BELLOWS FALLS -- The village's Waypoint Center is thought of as a local travel agent.
Visitors and tourists can use the facility as a sort of inanimate guide and local historian for anyone looking for a little information about the area. Owned by the town of Rockingham, the center offers brochures and informational packets while photographs of yesteryear adorn the facility. All are aimed at encouraging patronage at eateries and retail shops within the village.
Kim Buehler is in charge of organizing all of the facility's volunteers and serves as the unofficial Waypoint Center coordinator. The Saxtons River resident started a couple of weeks ago after her position as hospitality and recreation teacher at the River Valley Technical Center in Springfield was eliminated.
The center seemed stuck at a mere two volunteers for a while but that number has recently jumped to nine, with two high schools also expressing interest. She said there will be at least one volunteer on duty when the facility is open 10 a.m. to 6 p.m., Wednesdays through Sundays. The job of each volunteer is to assists any visitors to the area.
"I would first find out what they're interested in seeing. ... I don't think anything is really cookie-cutter because everybody's needs are so different," she said on the final Friday in June, after helping a married couple from Virginia Beach, Va., find routes to different Vermont waterways. "Two fellows came in yesterday
But as important as it may be to the local economy, the Waypoint Center has not been without its controversy.
The center -- which also caters to visitors getting off the Amtrak train or Interstate 91 -- has caused some hostility between village and town residents and their local governments. Some say their elected officials are not interested in the center, and thus, the economic development of the village.
At a Bellows Falls Village Board of Trustees meeting prior to the May elections, new resident Jerry Humphrey stood up to ask if the remaining $1.3 million of a Federal Transit Authority bus and bus facilities grant will be used for renovations and upgrades of the local Waypoint Center. When Humphrey was told it would not, Catherine Bergmann said she hoped the next board would keep in mind the village's best interests.
Once that meeting entered executive session, Bergmann and Humphrey said they would like to see the Waypoint Center become the inter-modal center -- for buses and trains -- through renovations and upgrades, as it was originally supposed to.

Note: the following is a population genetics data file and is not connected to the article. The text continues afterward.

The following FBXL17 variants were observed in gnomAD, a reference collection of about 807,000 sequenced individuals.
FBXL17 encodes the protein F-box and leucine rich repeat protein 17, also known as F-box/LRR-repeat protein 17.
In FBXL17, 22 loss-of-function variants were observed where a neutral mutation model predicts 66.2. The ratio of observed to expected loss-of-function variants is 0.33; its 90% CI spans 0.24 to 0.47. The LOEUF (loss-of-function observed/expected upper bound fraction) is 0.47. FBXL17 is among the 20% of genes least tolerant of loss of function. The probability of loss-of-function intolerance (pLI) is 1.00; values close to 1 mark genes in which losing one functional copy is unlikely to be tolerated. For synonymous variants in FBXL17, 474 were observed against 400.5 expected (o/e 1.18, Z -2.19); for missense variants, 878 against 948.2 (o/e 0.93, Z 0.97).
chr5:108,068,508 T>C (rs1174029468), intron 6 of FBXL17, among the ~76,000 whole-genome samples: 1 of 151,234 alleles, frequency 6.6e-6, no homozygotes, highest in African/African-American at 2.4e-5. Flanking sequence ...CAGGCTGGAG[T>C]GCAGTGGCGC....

The remaining $1.3 million of the grant will be spent on a park-and-ride facility just off Exit 6.
Municipal Manager Timothy Cullenen has said any claim that officials do not have the village's best interests in mind is false.
The facility is still seeking additional volunteers, as Cullenen said there are simply not enough funds to hire a paid staff. He added in a telephone interview several weeks ago that of the citizens who claim to champion the center, only one (Humphrey) has offered to volunteer.
Cullenen mentioned that a few other residents have also signed up.
Assistant Village Clerk Brenda Doherty individuals are able to work as many two-hour slots as they would like. She said in late May that the town was hoping to open the center on June 1 but had to postpone due to having only one volunteer at that time.
Anyone interested in volunteering can call Rockingham Town Hall at 802-463-4336, ext. 103, to reach Doherty.
The Waypoint Center, for most of its history, housed the Great Falls Regional Chamber of Commerce until it moved to The Square. For the past year or so it has been the home of Cider Mag, a local publication that highlights the area's music and entertainment scene. But editor in chief/publisher Brian Joy said his business, which publishes one edition every month, decided to also pack up shop and move to The Square.
"We're taking the month of June and the beginning of July to get the office completely organized and decorated and set up the way we want it to be. ... We're going to take five, six weeks to get the business organized up there," he said for a previous article in the Reformer. He added that operating out of the Waypoint Center was a great start but could become distracting for employees, who are obligated to assist tourists who visit.
"For our first office, it was fantastic," he went on to say, adding that the number of visitors the center sees in a day varies from as few as two or three to as many as 20.
According to the website of Bellows Falls and Rockingham, the states of Vermont, New Hampshire and Massachusetts received funding, through the Federal Highway Administration Scenic Byway Program, in 1996 to study the feasibility of byways along the Connecticut River. They had hoped to find a way to encourage tourists to travel off the highway and onto the more rural roads along the water.
The site for the Bellows Falls Waypoint Center was chosen as the "Waypoint Community" for the Vermont towns of Rockingham, Westminster, Putney and Springfield, as well as Charlestown and Walpole, N.H.
Other Waypoint Centers are located roughly every 25 to 35 miles along the river.
The website credits the center's design to architect Daniel Scully of Keene, N.H., and says it represents a train locomotive and railroad station passing underneath an arch that replicates the old "Arch Bridge," which spanned the Connecticut River just north of the site from 1906 to 1982.
The building was constructed by Baybutt Construction Corporation, also of Keene, and received the AIA's Merit Award for Excellence in Architecture in May 2004, according to the website.
Domenic Poli can be reached at email@example.com, or 802-254-2311, ext. 277.